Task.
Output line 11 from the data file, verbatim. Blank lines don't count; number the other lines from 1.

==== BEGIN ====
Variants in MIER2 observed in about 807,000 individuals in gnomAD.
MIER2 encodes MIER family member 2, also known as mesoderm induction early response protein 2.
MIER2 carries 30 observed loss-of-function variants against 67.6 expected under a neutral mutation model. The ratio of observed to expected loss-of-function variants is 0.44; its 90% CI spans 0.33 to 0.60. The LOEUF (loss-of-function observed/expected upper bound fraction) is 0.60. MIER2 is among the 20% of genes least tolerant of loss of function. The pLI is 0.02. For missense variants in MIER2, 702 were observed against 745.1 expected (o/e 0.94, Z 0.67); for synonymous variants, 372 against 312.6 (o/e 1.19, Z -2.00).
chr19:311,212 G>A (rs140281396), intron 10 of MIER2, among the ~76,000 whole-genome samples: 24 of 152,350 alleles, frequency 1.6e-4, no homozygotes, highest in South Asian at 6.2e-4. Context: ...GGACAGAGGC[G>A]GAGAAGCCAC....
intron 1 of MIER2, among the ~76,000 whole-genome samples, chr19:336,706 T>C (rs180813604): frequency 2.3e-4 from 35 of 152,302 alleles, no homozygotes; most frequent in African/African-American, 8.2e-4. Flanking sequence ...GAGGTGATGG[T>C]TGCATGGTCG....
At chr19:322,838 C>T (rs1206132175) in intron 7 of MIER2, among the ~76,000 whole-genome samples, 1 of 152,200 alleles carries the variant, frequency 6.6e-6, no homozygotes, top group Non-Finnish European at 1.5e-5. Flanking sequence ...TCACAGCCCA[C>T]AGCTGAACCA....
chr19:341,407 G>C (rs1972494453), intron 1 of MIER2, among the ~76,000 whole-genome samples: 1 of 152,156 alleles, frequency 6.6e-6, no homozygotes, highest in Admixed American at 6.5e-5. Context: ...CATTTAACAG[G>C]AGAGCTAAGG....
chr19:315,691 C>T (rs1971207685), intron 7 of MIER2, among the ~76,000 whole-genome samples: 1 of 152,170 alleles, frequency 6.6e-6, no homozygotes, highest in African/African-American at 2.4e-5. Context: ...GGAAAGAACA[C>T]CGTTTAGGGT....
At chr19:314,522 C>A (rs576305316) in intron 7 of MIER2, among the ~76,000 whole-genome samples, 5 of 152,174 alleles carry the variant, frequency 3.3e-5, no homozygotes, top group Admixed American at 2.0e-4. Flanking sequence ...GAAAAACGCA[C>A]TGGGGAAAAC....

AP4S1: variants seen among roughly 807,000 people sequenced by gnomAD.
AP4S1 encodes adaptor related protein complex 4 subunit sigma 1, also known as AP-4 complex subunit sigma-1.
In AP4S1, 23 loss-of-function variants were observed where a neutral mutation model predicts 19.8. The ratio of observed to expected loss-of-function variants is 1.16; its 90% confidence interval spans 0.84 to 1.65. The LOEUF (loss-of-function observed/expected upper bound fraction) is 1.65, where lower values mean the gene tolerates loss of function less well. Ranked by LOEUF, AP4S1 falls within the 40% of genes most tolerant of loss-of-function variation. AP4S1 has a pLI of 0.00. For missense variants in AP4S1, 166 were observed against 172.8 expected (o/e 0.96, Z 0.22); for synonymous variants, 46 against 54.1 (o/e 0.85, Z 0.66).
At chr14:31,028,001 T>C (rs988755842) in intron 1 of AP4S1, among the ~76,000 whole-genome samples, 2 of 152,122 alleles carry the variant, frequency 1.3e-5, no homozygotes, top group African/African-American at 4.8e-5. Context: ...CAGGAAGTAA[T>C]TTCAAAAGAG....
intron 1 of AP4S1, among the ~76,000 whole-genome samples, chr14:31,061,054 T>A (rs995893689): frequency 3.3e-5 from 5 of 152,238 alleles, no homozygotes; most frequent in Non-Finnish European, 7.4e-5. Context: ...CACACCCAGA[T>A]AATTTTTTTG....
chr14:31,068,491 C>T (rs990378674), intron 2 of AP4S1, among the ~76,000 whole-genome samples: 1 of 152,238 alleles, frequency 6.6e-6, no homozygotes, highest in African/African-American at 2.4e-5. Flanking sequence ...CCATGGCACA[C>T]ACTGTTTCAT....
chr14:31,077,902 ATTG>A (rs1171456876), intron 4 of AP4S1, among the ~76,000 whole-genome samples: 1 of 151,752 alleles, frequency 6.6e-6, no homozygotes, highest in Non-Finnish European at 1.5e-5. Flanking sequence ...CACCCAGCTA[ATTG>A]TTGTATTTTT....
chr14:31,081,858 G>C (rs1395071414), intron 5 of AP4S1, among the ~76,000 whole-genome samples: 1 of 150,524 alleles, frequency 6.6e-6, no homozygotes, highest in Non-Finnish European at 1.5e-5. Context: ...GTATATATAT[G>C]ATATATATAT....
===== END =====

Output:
AP4S1 encodes adaptor related protein complex 4 subunit sigma 1, also known as AP-4 complex subunit sigma-1.